- Obama not worried about Ebola at upcoming African summit in D.C.
- Obama: ‘We tortured some folks’ after 9/11
- Obama administration asked whole D.C. Circuit to take on major Obamacare case
- Mark Levin: Topple GOP leadership or country will ‘unravel’
- Massachusetts to let police chief deny gun buys to those deemed unfit
- John Kerry condemns attack on Israeli soldiers, kidnapping
- U.S. starts to evacuate American Ebola patients from West Africa: Report
- Geraldo slammed as ‘dummy’ for backing Clinton’s bin Laden claim
- Israeli spokesman: No need to debate who broke the cease-fire
- 35 Palestinians killed; Israeli officer missing
Veteran challenges ‘abuser fee’
Question of the Day
A U.S. Navy veteran with a clean driving record who faces a $1,050 civil remedial fee after he was cited for driving 20 mph over the speed limit in Arlington sued the state of Virginia yesterday over its “abuser fee” program.
Kyle M. Courtnall, a lawyer representing Charles “Chaz” Mason, filed a motion in Arlington General District Court to declare the civil remedial fees, which range from $750 to $3,000, unconstitutional because they don’t apply to out-of-state drivers. The fees went into effect July 1.
Mr. Mason’s motion mirrors successful challenges heard last week in courts in Henrico County and Richmond. The judges ruled in two cases that the fees violated the 14th Amendment guarantee of equal protection under the law because the state has no rational basis for making “the distinction between resident and nonresident ‘dangerous drivers.’ ”
The rulings apply only to drivers convicted in Richmond and Henrico County, where a circuit court today is scheduled to consider the state’s appeal in one of the cases.
In the Northern Virginia case, Mr. Mason, in full uniform, was driving on Interstate 395 to reserve duty at the Pentagon July 8 when he was stopped and ticketed for driving 75 mph in a 55 mph zone.
If convicted, Mr. Mason, who has no criminal record, faces a $1,050 civil remedial fee for reckless driving.
Mr. Courtnall’s motion is scheduled to be heard Monday in Arlington General District Court.
The fees and the state’s transportation package have come under intense scrutiny in recent weeks.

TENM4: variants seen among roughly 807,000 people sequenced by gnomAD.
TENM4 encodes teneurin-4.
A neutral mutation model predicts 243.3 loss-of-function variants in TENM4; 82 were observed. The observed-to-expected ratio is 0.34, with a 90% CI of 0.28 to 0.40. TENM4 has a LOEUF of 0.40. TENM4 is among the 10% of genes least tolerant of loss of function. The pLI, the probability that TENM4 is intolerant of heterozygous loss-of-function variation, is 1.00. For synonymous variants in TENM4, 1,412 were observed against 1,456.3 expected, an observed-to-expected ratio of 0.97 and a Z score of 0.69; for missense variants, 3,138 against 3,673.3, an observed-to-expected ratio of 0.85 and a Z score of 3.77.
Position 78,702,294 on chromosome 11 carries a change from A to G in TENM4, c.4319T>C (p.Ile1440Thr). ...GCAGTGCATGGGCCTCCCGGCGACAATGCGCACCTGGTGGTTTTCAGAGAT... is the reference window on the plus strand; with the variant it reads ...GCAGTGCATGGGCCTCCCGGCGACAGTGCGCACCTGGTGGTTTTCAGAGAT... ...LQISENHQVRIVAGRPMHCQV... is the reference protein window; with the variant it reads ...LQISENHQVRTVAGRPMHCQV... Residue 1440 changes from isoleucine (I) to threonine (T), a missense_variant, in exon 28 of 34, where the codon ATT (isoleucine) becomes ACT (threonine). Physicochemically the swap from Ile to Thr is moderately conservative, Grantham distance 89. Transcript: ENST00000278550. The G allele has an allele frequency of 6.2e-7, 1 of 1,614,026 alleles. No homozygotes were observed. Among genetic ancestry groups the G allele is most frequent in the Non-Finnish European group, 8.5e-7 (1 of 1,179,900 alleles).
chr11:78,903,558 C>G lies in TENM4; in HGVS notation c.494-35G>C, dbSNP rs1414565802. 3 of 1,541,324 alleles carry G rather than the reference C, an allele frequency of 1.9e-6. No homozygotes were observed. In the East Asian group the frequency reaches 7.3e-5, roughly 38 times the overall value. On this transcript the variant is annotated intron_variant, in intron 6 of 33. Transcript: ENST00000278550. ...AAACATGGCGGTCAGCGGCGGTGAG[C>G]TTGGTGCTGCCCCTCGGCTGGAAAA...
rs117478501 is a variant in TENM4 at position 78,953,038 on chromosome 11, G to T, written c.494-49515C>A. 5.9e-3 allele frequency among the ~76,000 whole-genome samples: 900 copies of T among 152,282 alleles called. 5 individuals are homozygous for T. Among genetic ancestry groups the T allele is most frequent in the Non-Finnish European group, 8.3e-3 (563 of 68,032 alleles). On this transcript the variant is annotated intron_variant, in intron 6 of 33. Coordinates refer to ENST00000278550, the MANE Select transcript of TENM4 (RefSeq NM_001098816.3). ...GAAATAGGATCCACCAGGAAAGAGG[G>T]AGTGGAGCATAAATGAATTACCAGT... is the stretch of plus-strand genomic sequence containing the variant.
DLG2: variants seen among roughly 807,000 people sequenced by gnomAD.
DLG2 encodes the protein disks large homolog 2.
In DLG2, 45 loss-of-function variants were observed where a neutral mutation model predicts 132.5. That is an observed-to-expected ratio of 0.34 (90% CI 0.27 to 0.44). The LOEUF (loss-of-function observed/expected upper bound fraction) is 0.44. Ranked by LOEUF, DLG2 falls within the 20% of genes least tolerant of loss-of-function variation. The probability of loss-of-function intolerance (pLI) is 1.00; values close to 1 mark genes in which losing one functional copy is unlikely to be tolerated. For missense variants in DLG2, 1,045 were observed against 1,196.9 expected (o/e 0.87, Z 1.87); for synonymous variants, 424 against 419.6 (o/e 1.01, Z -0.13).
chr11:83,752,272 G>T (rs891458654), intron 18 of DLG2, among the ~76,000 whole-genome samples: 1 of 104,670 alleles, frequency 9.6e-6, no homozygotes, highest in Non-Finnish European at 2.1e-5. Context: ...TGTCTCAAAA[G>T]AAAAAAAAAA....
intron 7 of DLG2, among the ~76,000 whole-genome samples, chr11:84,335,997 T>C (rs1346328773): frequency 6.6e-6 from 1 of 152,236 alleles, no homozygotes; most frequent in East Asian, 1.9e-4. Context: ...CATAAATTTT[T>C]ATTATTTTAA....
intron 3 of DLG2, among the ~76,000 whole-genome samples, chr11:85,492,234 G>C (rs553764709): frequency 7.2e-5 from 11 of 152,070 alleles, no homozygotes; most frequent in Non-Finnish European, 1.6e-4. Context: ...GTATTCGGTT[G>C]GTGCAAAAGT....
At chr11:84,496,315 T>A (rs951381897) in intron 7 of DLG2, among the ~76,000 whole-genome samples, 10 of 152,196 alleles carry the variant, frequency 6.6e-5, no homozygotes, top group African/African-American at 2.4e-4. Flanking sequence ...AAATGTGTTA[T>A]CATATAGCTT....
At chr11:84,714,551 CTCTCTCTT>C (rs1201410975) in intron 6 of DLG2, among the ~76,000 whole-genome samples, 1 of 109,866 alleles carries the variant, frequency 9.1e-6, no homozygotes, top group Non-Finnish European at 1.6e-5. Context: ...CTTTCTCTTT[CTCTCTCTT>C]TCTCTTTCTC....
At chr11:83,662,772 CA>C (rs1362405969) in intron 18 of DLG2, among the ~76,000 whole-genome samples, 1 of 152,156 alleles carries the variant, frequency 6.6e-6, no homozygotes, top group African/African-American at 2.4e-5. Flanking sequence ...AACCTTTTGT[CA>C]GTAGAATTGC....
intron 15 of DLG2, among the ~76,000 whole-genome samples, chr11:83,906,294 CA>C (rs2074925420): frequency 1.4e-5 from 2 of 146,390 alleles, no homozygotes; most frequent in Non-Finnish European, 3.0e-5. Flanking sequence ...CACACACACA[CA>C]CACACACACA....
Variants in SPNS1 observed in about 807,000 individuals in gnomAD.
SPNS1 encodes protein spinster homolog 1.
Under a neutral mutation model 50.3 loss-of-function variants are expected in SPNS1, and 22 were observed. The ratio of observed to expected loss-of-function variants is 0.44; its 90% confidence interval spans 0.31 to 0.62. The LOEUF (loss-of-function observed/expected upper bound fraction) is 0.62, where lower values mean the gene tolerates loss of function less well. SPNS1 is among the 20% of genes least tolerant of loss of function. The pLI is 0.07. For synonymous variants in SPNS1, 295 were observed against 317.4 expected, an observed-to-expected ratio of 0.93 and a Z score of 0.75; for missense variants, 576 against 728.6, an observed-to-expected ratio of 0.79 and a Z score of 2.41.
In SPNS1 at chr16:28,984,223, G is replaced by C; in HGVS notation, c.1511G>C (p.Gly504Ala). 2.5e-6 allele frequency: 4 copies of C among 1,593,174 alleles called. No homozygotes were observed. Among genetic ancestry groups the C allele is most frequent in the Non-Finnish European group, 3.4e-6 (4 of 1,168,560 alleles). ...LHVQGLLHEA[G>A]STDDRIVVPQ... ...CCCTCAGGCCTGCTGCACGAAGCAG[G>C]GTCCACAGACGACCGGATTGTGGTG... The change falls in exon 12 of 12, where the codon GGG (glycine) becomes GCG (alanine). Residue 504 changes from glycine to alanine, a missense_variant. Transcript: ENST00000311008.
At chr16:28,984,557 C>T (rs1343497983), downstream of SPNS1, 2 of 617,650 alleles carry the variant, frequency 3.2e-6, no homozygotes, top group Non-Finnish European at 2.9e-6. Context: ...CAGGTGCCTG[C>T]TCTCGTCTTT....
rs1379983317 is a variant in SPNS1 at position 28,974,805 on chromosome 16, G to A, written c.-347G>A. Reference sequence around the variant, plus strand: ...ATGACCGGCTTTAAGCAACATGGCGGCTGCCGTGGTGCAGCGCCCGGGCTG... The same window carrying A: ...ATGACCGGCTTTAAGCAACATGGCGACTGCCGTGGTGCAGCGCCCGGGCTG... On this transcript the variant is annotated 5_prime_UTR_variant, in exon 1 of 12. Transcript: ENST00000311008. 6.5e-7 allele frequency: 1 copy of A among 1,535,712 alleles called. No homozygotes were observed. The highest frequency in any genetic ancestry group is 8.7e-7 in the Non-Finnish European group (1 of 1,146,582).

A group of anti-tax conservatives on Monday filed a 13-count constitutional challenge against the transportation package’s major revenue sources, including the driver fees.
More than 170,000 people have signed an online petition calling for repeal of the law. The town of Front Royal is considering ignoring the fees, and many lawmakers are growing increasingly frustrated with Mr. Kaine’s refusal to call a special session to revise or repeal the law.
Lawmakers said the legal challenges will embroil the campaign season. All 140 seats in the General Assembly are up for election on Nov. 6.
While the driver in the Henrico case— Anthony O. Price — had been convicted of driving on a suspended license for the fifth time, Mr. Mason “comes straight out of central casting with a perfect driving record,” Mr. Courtnall said.
Out of "the shadows," they demand citizenship without consequences
- House GOP resurrects border bill, predicts successful Friday vote
- Border agents cleared of civil rights complaints from illegal immigrant children
- Ben Carson takes major step toward presidential campaign
- U.N. condemns Israel, U.S. for not sharing Iron Dome with Hamas
- Obama military strategy too weak for future security, panel reports
- Porn-surfing feds blame boredom, lack of work for misbehavior
- Feds raid S.C. home to seize Land Rover in EPA emission-control crackdown
- CRUZ: A tale of two hospitals: One in Israel, one in Gaza
- Ted Nugent slams 'lying freaks' at liberal media: I'm 'doing God's work'
- ON THE RUN: Competition for Redskins backup running back is heating up
Top 10 U.S. military helicopters
Obama's biggest White House 'fails'
Celebrities turned politicians
Athletes turned actors